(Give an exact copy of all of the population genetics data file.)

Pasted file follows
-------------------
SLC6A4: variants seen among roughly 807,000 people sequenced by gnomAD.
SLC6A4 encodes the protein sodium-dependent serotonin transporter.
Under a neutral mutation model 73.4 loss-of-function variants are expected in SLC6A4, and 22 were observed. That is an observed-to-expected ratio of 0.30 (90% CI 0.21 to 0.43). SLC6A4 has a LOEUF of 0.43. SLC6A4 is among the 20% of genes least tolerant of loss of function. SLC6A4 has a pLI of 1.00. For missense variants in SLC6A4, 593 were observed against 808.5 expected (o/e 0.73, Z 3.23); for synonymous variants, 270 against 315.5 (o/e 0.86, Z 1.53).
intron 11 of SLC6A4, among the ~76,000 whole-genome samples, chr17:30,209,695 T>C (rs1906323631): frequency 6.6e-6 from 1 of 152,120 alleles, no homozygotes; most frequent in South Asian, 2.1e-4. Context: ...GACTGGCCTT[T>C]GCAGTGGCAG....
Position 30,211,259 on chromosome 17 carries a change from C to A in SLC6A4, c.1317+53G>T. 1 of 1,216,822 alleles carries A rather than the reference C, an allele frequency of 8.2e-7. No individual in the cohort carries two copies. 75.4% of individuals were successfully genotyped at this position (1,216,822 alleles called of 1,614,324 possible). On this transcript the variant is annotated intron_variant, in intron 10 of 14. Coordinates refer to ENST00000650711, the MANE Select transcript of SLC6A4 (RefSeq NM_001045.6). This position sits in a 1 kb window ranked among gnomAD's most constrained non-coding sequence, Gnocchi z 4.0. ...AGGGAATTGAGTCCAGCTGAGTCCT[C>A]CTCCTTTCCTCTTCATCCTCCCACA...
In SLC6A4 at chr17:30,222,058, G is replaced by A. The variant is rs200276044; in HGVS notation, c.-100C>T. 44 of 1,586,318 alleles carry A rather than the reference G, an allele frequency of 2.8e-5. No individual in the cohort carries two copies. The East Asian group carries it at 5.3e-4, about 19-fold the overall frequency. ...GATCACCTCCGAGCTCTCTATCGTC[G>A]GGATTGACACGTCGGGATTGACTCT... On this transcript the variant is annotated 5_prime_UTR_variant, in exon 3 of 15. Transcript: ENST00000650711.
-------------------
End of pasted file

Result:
SLC6A4: variants seen among roughly 807,000 people sequenced by gnomAD.
SLC6A4 encodes the protein sodium-dependent serotonin transporter.
Under a neutral mutation model 73.4 loss-of-function variants are expected in SLC6A4, and 22 were observed. That is an observed-to-expected ratio of 0.30 (90% CI 0.21 to 0.43). SLC6A4 has a LOEUF of 0.43. SLC6A4 is among the 20% of genes least tolerant of loss of function. SLC6A4 has a pLI of 1.00. For missense variants in SLC6A4, 593 were observed against 808.5 expected (o/e 0.73, Z 3.23); for synonymous variants, 270 against 315.5 (o/e 0.86, Z 1.53).
intron 11 of SLC6A4, among the ~76,000 whole-genome samples, chr17:30,209,695 T>C (rs1906323631): frequency 6.6e-6 from 1 of 152,120 alleles, no homozygotes; most frequent in South Asian, 2.1e-4. Context: ...GACTGGCCTT[T>C]GCAGTGGCAG....
Position 30,211,259 on chromosome 17 carries a change from C to A in SLC6A4, c.1317+53G>T. 1 of 1,216,822 alleles carries A rather than the reference C, an allele frequency of 8.2e-7. No individual in the cohort carries two copies. 75.4% of individuals were successfully genotyped at this position (1,216,822 alleles called of 1,614,324 possible). On this transcript the variant is annotated intron_variant, in intron 10 of 14. Coordinates refer to ENST00000650711, the MANE Select transcript of SLC6A4 (RefSeq NM_001045.6). This position sits in a 1 kb window ranked among gnomAD's most constrained non-coding sequence, Gnocchi z 4.0. ...AGGGAATTGAGTCCAGCTGAGTCCT[C>A]CTCCTTTCCTCTTCATCCTCCCACA...
In SLC6A4 at chr17:30,222,058, G is replaced by A. The variant is rs200276044; in HGVS notation, c.-100C>T. 44 of 1,586,318 alleles carry A rather than the reference G, an allele frequency of 2.8e-5. No individual in the cohort carries two copies. The East Asian group carries it at 5.3e-4, about 19-fold the overall frequency. ...GATCACCTCCGAGCTCTCTATCGTC[G>A]GGATTGACACGTCGGGATTGACTCT... On this transcript the variant is annotated 5_prime_UTR_variant, in exon 3 of 15. Transcript: ENST00000650711.